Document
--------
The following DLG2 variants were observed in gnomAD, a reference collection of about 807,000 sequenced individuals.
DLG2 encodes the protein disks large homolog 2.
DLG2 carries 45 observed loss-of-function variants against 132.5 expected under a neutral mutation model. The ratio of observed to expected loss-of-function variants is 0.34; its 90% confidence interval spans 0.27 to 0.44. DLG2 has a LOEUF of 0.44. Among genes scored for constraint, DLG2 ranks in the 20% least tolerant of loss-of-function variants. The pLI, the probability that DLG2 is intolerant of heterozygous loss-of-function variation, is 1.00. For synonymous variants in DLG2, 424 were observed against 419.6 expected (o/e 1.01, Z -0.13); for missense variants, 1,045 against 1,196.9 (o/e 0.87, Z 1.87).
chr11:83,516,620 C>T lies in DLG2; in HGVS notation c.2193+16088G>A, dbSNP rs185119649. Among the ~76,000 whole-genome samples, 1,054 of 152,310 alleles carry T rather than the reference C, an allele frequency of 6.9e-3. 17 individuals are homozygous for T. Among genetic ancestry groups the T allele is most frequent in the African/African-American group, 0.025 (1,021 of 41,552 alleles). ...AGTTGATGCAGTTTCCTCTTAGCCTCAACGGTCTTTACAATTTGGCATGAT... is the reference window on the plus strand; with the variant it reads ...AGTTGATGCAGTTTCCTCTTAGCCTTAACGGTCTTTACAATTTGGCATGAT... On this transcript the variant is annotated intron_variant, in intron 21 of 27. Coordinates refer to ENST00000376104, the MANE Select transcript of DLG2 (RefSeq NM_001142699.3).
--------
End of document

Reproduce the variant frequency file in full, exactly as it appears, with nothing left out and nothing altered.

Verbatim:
The following DLG2 variants were observed in gnomAD, a reference collection of about 807,000 sequenced individuals.
DLG2 encodes the protein disks large homolog 2.
DLG2 carries 45 observed loss-of-function variants against 132.5 expected under a neutral mutation model. The ratio of observed to expected loss-of-function variants is 0.34; its 90% confidence interval spans 0.27 to 0.44. DLG2 has a LOEUF of 0.44. Among genes scored for constraint, DLG2 ranks in the 20% least tolerant of loss-of-function variants. The pLI, the probability that DLG2 is intolerant of heterozygous loss-of-function variation, is 1.00. For synonymous variants in DLG2, 424 were observed against 419.6 expected (o/e 1.01, Z -0.13); for missense variants, 1,045 against 1,196.9 (o/e 0.87, Z 1.87).
chr11:83,516,620 C>T lies in DLG2; in HGVS notation c.2193+16088G>A, dbSNP rs185119649. Among the ~76,000 whole-genome samples, 1,054 of 152,310 alleles carry T rather than the reference C, an allele frequency of 6.9e-3. 17 individuals are homozygous for T. Among genetic ancestry groups the T allele is most frequent in the African/African-American group, 0.025 (1,021 of 41,552 alleles). ...AGTTGATGCAGTTTCCTCTTAGCCTCAACGGTCTTTACAATTTGGCATGAT... is the reference window on the plus strand; with the variant it reads ...AGTTGATGCAGTTTCCTCTTAGCCTTAACGGTCTTTACAATTTGGCATGAT... On this transcript the variant is annotated intron_variant, in intron 21 of 27. Coordinates refer to ENST00000376104, the MANE Select transcript of DLG2 (RefSeq NM_001142699.3).